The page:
UK fixed and mobile operators are divided over whether to sign up to a voluntary code of practice in support of net neutrality. While ten service providers have signed up, Vodafone, Everything Everywhere and Virgin Media have so far refused.
UK regulator Ofcom has unveiled plans for the country’s 4G spectrum auction. The UK has lagged other leading markets and Ofcom has revealed that spectrum will be allocated in 2013. Ofcom has set aside spectrum intended to guarantee the presence of four LTE operators in the UK market.
Consumers have shown that they are willing to pay a premium for a smartphone if the device is good enough. But they have not been enticed by low-cost smartphones, as it seems that many consumers in developed markets view their smartphone as both a crucial part of their lives and a status symbol. And at the end of the day, if they’re stuck with a phone for a 24-month contract, they want a good one.
Everything Everywhere could be the subject of a takeover bid by private equity house KKR, which also owns British retailers Boots and Pets at Home. The bid is being masterminded by former EE CEO Tom Alexander, who is said to have held discussions with KKR and private equity group Apax, the Financial Times reported.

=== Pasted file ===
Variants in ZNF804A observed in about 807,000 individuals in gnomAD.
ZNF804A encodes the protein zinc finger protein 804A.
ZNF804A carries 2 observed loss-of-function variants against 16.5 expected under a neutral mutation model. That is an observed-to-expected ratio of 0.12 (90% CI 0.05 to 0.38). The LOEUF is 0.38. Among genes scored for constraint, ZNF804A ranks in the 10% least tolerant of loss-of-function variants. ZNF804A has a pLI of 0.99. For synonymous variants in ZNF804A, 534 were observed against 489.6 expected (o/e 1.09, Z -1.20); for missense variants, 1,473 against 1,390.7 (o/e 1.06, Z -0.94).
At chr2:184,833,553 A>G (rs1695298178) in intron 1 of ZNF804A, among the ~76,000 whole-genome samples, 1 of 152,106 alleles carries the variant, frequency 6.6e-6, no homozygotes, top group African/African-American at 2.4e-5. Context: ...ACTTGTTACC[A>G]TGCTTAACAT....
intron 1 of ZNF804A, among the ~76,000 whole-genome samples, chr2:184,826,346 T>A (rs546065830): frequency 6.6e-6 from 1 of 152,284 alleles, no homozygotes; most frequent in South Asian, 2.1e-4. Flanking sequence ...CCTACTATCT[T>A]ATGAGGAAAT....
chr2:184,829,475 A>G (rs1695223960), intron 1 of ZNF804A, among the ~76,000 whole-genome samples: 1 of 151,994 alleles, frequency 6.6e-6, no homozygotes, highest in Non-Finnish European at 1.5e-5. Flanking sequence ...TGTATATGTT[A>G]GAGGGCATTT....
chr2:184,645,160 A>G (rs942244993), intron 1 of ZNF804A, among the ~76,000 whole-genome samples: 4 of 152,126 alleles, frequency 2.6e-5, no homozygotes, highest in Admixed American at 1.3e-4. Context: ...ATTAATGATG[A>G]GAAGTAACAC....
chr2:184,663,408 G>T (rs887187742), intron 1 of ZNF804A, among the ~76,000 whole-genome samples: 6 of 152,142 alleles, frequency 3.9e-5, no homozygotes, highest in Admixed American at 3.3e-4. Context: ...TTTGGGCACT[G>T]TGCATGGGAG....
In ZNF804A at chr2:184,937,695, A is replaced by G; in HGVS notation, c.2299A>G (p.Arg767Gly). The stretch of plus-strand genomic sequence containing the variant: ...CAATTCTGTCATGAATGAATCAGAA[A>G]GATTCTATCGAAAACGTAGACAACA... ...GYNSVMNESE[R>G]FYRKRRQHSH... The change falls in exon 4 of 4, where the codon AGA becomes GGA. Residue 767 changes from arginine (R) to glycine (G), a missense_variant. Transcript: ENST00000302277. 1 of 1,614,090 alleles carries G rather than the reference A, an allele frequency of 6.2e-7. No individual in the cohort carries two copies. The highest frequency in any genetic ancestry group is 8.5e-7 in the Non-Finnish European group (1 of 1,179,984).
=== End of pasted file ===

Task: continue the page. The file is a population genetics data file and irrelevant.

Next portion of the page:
Everything Everywhere (EE) has partnered with Nokia Siemens Networks (NSN) on an international M2M project they claim will offer vending machine owners an opportunity to increase revenue and reduce costs through remote stock monitoring, increased customer interaction and multiple payment methods.
Network operator Everything Everywhere is deploying a mobile contactless transport ticketing service in the UK, which could lead to a nationwide roll out across select bus and rail services in 2013.
China Telecom has introduced its own MVNO into the UK market, becoming the first Chinese operator to launch a service outside China. CTExcelbiz is running on Everything Everywhere’s network and offer a customised service to the UK’s Chinese population.